The company that changed the way we watch television will now offer the Rhapsody subscription music service.

Rhapsody, now part of the joint venture between RealNetworks and MTV Networks called Rhapsody America, will cost TiVo subscribers $12.99 per month in addition to the $12.95 customers pay for a TiVo subscription.

The new service will be available to TiVo customers using broadband-connected set-top boxes.

The new venture means plenty of cross promotion in hopes of increasing the subscription rolls for both companies.

TiVo, which saw its subscription base drop to 4.2 million in its fiscal second quarter from 4.4 million one year earlier hopes to stop people from deserting the company for other DVRs, specifically those DVRs cable companies rent to their customers.

Rhapsody, on the other hand, has seen its subscription base grow, reporting 2.7 million customers during its fiscal 2nd quarter, a 1 million increase from 1.7 million the previous year.

The TiVo / Rhapsody partnership is a further blurring of the lines between TV and the Internet. TiVo already has a movie download deal with and a photo-sharing arrangement with Yahoo.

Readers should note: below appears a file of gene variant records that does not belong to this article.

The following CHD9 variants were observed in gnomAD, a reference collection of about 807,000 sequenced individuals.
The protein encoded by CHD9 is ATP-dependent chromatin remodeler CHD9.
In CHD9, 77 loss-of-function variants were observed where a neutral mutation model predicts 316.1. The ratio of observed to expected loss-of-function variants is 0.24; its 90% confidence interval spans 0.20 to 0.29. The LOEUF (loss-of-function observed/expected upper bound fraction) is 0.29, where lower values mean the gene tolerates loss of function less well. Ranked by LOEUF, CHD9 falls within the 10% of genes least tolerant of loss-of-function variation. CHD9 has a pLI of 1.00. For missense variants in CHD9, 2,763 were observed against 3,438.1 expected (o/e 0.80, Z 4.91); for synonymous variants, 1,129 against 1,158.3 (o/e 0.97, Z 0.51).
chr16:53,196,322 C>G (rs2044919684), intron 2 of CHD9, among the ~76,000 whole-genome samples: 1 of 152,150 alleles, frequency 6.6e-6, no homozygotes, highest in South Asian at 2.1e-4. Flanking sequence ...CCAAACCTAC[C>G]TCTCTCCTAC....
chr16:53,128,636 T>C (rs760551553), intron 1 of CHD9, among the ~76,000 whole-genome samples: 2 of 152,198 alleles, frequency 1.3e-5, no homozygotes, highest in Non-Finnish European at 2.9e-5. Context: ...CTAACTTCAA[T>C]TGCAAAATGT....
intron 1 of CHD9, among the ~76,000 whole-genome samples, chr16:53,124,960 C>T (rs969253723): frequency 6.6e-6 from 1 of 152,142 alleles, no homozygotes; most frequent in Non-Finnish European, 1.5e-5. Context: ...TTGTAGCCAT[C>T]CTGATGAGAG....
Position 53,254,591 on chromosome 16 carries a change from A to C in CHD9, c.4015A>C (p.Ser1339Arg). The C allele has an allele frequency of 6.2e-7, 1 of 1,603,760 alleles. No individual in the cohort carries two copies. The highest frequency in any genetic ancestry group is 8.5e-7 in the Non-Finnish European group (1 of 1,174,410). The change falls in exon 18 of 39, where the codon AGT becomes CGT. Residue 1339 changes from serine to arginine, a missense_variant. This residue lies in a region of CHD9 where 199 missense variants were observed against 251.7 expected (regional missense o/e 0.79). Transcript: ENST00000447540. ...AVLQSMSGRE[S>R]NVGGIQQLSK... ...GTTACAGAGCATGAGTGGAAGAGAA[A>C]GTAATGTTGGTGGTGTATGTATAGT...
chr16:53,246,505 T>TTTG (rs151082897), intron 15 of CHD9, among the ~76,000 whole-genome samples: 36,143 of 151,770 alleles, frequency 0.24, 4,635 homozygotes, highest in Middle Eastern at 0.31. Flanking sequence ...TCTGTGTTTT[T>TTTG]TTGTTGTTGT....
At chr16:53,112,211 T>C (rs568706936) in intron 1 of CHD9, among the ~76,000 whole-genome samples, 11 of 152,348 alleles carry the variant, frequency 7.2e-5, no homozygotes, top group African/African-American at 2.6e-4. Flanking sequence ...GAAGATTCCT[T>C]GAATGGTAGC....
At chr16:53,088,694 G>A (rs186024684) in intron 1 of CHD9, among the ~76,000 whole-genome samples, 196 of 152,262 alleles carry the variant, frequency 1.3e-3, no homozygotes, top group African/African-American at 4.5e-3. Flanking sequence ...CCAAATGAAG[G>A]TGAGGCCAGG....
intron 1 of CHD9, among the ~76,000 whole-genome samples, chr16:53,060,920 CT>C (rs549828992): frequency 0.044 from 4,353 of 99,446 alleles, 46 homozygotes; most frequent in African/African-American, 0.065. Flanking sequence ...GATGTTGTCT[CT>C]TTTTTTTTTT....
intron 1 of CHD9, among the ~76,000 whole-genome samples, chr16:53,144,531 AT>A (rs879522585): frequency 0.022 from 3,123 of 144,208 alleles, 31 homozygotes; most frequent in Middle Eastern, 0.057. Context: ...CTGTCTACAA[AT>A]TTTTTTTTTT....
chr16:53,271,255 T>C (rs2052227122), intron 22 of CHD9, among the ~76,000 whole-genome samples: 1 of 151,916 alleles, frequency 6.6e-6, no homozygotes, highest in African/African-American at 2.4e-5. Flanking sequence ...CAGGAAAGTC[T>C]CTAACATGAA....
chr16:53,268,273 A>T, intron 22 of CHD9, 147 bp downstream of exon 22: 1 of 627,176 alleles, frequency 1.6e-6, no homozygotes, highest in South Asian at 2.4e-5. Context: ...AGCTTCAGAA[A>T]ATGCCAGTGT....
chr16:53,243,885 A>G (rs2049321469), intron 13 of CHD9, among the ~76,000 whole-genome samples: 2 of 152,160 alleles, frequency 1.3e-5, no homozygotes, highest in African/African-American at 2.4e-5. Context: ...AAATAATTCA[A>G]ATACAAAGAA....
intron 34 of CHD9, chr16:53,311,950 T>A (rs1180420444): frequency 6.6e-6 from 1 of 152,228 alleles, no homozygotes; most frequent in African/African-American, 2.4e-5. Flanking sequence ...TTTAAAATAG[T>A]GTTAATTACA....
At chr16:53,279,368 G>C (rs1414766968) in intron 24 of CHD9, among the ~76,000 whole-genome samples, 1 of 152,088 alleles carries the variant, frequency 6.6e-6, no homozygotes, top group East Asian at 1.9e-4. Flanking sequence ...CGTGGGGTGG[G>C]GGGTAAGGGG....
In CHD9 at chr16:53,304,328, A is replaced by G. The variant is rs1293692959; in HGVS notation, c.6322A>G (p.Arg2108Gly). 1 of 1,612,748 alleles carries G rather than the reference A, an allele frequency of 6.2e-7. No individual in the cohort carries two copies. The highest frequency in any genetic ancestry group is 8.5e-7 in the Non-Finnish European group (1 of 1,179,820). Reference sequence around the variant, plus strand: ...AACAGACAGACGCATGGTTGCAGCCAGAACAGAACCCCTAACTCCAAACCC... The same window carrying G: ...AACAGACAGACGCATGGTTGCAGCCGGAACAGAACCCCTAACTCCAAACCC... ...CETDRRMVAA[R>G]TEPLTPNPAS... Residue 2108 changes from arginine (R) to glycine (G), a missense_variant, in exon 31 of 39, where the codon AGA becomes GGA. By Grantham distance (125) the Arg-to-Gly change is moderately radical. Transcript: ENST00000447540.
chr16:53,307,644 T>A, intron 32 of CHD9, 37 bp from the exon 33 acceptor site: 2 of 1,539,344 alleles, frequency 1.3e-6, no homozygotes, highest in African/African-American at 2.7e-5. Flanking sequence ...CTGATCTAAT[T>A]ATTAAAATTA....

“This puts us on the map as distinguishing ourselves from other generic DVRs,” said TiVo CEO Tom Rogers. “We not only facilitate getting Rhapsody on the TV set, but most importantly, the quick, easy way to find it, which is how TiVo made its name.”

Awaiting On You All

You still can’t purchase Beatle songs online.

But you’ll find plenty of music by John, Paul McCartney, George and Ringo. With the online release of George Harrison’s catalog, Beatle fans will find plenty of music from all individual Fab Four members.

But you might want to shop around. Due to different pricing structures, a non-DRM “My Sweet Lord” download costs $1.29 at iTunes, but only 99 cents at Amazon. However, if you opt for the entire album, iTunes sells All Things Must Pass for $9.99 while Amazon charges $13.55 for the album, which was a three-record set when it was released in 1970.

“It is exciting that George’s catalog is finally available for downloading,” said the artist’s widow, Olivia Harrison. “He had begun the digital remastering of his albums but had no idea how the digital world would change the way we access and listen to music.”